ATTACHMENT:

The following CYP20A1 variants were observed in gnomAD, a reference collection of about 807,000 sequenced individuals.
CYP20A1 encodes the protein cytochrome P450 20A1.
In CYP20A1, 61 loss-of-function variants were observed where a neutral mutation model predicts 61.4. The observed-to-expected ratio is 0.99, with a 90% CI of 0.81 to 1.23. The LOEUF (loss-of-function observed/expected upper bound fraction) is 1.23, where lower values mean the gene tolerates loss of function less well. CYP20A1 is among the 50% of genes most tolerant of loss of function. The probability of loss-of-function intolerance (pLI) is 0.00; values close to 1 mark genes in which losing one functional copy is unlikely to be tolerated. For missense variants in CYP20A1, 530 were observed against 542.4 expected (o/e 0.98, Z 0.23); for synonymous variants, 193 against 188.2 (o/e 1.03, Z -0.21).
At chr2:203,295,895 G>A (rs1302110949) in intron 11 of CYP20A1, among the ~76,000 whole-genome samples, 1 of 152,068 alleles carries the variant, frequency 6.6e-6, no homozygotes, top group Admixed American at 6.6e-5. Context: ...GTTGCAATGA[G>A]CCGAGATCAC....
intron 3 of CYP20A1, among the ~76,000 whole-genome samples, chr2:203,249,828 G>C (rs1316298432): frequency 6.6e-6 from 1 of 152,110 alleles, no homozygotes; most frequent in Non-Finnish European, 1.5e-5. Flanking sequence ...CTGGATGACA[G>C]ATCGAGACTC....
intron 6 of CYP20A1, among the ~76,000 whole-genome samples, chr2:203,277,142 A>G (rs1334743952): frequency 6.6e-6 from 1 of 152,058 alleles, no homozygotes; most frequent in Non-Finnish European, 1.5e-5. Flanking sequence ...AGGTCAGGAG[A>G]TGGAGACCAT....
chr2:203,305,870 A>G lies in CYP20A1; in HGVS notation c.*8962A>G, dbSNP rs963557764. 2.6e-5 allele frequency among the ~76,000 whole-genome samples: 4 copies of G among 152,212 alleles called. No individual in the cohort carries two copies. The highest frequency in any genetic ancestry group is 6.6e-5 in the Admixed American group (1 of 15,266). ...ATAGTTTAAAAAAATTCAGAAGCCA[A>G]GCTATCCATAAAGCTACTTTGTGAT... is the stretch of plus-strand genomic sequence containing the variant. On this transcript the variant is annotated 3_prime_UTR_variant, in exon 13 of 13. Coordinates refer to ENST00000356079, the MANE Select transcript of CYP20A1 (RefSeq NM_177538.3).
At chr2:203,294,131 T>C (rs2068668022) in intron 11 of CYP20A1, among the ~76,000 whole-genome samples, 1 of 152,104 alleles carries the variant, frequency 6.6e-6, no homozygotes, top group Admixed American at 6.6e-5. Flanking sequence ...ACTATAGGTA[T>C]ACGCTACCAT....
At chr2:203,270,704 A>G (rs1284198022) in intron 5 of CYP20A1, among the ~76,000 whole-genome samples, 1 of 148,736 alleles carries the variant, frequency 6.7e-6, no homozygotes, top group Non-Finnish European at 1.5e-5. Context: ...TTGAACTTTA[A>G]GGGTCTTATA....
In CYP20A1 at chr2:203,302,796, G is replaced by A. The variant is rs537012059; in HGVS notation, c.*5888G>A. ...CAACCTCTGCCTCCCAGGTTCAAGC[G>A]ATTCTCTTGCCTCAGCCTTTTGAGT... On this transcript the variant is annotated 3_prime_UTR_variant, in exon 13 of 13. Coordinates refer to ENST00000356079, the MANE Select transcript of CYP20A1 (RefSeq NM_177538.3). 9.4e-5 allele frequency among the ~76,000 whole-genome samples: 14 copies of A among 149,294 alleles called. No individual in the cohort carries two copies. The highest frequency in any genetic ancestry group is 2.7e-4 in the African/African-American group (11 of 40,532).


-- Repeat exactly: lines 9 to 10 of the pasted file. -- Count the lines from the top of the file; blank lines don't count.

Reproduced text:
At chr2:203,270,704 A>G (rs1284198022) in intron 5 of CYP20A1, among the ~76,000 whole-genome samples, 1 of 148,736 alleles carries the variant, frequency 6.7e-6, no homozygotes, top group Non-Finnish European at 1.5e-5. Context: ...TTGAACTTTA[A>G]GGGTCTTATA....
In CYP20A1 at chr2:203,302,796, G is replaced by A. The variant is rs537012059; in HGVS notation, c.*5888G>A. ...CAACCTCTGCCTCCCAGGTTCAAGC[G>A]ATTCTCTTGCCTCAGCCTTTTGAGT... On this transcript the variant is annotated 3_prime_UTR_variant, in exon 13 of 13. Coordinates refer to ENST00000356079, the MANE Select transcript of CYP20A1 (RefSeq NM_177538.3). 9.4e-5 allele frequency among the ~76,000 whole-genome samples: 14 copies of A among 149,294 alleles called. No individual in the cohort carries two copies. The highest frequency in any genetic ancestry group is 2.7e-4 in the African/African-American group (11 of 40,532).